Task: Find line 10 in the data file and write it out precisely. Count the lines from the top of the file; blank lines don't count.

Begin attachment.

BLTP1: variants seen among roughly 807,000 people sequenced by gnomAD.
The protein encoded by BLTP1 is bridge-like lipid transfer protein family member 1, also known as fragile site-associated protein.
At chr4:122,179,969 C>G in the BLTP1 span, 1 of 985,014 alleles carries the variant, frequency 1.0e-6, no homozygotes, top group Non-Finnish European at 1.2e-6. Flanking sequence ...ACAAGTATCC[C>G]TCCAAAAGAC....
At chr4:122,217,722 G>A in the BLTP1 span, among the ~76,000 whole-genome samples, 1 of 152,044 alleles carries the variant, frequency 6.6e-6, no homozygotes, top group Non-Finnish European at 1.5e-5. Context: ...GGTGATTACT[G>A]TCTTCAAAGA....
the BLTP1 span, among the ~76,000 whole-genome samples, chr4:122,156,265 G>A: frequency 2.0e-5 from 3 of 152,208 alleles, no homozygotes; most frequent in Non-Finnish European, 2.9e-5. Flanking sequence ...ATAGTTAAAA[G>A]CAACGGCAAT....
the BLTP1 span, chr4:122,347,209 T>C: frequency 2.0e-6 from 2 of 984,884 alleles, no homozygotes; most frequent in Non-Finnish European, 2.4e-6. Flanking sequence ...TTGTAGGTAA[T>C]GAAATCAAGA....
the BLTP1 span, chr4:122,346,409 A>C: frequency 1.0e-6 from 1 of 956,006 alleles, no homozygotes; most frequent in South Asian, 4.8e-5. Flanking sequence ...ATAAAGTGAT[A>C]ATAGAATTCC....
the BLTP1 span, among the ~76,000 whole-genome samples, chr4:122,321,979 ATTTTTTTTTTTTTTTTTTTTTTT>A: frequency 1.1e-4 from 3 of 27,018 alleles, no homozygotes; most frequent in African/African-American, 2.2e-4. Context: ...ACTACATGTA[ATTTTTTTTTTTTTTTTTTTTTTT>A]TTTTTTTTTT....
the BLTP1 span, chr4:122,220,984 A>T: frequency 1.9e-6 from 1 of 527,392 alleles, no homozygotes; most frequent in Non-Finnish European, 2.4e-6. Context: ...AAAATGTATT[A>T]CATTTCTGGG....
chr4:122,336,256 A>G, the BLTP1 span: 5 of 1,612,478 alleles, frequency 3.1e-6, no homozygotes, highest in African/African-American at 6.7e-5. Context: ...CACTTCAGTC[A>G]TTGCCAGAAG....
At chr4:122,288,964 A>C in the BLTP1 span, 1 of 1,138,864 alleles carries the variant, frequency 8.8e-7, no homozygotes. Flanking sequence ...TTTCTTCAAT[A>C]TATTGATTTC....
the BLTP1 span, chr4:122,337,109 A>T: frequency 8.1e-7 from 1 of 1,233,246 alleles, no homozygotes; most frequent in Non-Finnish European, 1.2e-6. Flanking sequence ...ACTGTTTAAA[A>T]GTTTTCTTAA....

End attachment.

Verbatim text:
chr4:122,336,256 A>G, the BLTP1 span: 5 of 1,612,478 alleles, frequency 3.1e-6, no homozygotes, highest in African/African-American at 6.7e-5. Context: ...CACTTCAGTC[A>G]TTGCCAGAAG....